3 December 2017
A Different Way – lessons from John Knox
ON Monday 27 November the last Christian Institute Autumn lecture for 2017 was given by Iain Murray.
His subject was John Knox, the one time priest whom God transformed into a powerful preacher of the gospel in Scotland, Berwick upon Tweed and Newcastle upon Tyne and other places in England and Europe.
People seem either to love or hate Knox. David Fleming, a distinguished Scottish historian (1849 -1931), called him ”the greatest person Scotland has produced.”
Charles Warr (1892-1969), a chaplain to George VI and Elizabeth II, had a different opinion. His view was that Knox was a man who had few Christian virtues.
Murray began with a brief resumé of Knox’s life. He then provided three lessons from the life and ministry of John Knox.
The first concerns preaching. We tend to see preaching as teaching. As a result in some churches an emphasis on getting people to attend a course of training exists.
We want Christians to know what the Bible teaches. A failure to grow in the knowledge of our Lord and Saviour Jesus Christ is to go against the teaching of the apostles (see 1 Corinthians 8.7; 2 Peter 1.2 & 3.18). However it is not intellectual knowledge alone that is needed. There is a more pressing need to know in our spirit Christ and his truth. Mere assent to the truth is not true faith. Faith also entails trust. Those who rely on Jesus are those who know his love, his joy, and his peace in their own heart (Romans 5.5; 15.13; Ephesians 3.19). That is what Knox came both to know and enjoy. And that is what made Knox’s preaching different from much preaching today.
Frequently when we think and talk about the Reformation of the 16th century we focus on historical events. But if we are to under-stand it properly then we need to see, as T M Lindsay writes, that it ”was a great revival.” No other explanation accounts for what happened during those years of political and religious upheaval. God was at work. By his Spirit he effected radical change. He trans-formed John Knox from being a man who spent his time dealing with legal and ecclesiastical tasks to being a passionate and powerful preacher.
Like Paul 1500 years before him, Knox knew that he was appointed by God to be a preacher (1 Timothy 2.7; 2 Timothy 1.11). He knew that he was not sent to preach with eloquent words (1 Corinthians 1.17) but in the power of the Holy Spirit (Romans 1.3). Yes, preachers are to use the talents entrusted to them by God. But the church does not grow by the might or power of men. It grows (in numbers and godliness) by the power of God (Zechariah 4.6). Knox discovered that. And God shows this to his people through the preaching of John Knox. He was a preacher anointed with the Holy Spirit. That is what is essential for true preaching.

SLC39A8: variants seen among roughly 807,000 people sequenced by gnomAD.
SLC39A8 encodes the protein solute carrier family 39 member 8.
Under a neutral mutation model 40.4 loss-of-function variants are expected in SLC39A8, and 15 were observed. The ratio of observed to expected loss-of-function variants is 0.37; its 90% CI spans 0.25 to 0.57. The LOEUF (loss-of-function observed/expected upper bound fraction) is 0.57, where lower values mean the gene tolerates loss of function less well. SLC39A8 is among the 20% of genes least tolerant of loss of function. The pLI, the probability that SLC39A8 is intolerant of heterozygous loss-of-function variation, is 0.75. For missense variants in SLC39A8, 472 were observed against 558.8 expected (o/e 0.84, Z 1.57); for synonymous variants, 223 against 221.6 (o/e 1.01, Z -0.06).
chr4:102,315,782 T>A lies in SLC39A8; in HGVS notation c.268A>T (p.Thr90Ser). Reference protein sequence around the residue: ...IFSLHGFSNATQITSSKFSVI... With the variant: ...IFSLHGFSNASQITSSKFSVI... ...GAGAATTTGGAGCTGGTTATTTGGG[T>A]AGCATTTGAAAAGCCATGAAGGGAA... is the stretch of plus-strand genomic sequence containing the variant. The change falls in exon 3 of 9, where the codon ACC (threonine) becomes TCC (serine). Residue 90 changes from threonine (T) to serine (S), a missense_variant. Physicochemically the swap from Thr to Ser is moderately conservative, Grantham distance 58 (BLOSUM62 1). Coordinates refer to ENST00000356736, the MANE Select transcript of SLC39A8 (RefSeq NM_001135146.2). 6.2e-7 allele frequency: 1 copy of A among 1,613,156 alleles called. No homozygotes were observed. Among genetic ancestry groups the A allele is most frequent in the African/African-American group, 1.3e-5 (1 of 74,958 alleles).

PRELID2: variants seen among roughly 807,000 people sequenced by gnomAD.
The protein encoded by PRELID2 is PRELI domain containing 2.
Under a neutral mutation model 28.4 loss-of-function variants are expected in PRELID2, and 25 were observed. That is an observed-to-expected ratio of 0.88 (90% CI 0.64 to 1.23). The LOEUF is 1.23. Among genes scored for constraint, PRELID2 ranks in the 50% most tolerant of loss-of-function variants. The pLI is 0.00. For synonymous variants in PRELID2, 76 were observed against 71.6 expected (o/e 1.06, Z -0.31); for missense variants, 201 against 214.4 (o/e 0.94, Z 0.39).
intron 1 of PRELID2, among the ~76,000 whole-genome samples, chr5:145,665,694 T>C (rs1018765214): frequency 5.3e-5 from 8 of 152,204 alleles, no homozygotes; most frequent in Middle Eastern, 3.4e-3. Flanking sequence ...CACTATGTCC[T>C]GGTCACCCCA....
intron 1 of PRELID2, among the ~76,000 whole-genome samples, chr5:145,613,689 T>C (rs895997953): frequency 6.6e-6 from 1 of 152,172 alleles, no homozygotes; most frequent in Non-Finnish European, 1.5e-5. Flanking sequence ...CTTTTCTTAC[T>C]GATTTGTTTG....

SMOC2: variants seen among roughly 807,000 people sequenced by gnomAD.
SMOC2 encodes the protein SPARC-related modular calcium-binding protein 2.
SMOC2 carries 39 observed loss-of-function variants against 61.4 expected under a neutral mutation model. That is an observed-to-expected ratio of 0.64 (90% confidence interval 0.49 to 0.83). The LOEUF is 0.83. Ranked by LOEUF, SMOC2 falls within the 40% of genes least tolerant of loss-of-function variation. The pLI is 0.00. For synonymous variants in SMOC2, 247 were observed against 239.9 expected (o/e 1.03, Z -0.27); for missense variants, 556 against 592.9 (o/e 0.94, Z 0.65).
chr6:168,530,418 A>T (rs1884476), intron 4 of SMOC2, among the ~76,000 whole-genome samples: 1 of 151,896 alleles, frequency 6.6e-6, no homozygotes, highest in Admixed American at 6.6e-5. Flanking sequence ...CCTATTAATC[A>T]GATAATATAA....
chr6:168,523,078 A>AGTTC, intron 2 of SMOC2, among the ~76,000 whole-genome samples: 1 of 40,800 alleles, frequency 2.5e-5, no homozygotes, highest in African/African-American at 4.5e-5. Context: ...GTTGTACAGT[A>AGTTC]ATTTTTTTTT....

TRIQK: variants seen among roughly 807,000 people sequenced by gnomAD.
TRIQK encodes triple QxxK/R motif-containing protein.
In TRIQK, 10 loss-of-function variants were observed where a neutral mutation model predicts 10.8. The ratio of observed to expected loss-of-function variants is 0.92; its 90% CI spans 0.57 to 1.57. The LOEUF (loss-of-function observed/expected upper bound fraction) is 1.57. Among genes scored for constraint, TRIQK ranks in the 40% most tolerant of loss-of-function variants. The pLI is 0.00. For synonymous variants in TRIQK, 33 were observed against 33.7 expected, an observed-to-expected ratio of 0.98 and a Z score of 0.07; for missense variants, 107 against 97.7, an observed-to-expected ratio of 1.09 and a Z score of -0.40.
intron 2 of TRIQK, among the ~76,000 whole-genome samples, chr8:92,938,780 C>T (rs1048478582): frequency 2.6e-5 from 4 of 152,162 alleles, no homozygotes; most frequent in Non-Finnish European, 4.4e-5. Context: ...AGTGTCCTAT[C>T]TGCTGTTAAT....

What we are saying is well illustrated in the two letters we have from Knox to the people of Newcastle upon Tyne and Berwick upon Tweed. The letters are dated May 1554 and November 1558. In reality they are more than letters. They are sermons. Passionately and persuasively Knox seeks to encourage those who look forward to the coming again of Christ, to continue faithful in godliness to the end. He does not shy away from but boldly proclaims the mystery of the gospel and the duties of those who are trans-formed by it (Ephesians 6.19).
Some may object that Knox was unique. It is true that he was a man raised up by God for his time. That does not mean, though, that the promise given by the Lord Jesus is not to be pleaded before the throne of God today. Christ Jesus tells us that as parents know how to give good gifts to their children so the heavenly Father will give his Holy Spirit to those who ask him (Luke 11.13). The need of the hour is for preachers who, like Knox, are anointed with the Holy Spirit. We need preachers who are enabled by the Spirit to preach boldly and clearly. And we need to see those who hear the good news of God accept it, not as the word of men, but for what it is, the very Word of God. For that to happen we should earnestly and consistently pray.
The second lesson we can learn from Knox concerns the content of preaching.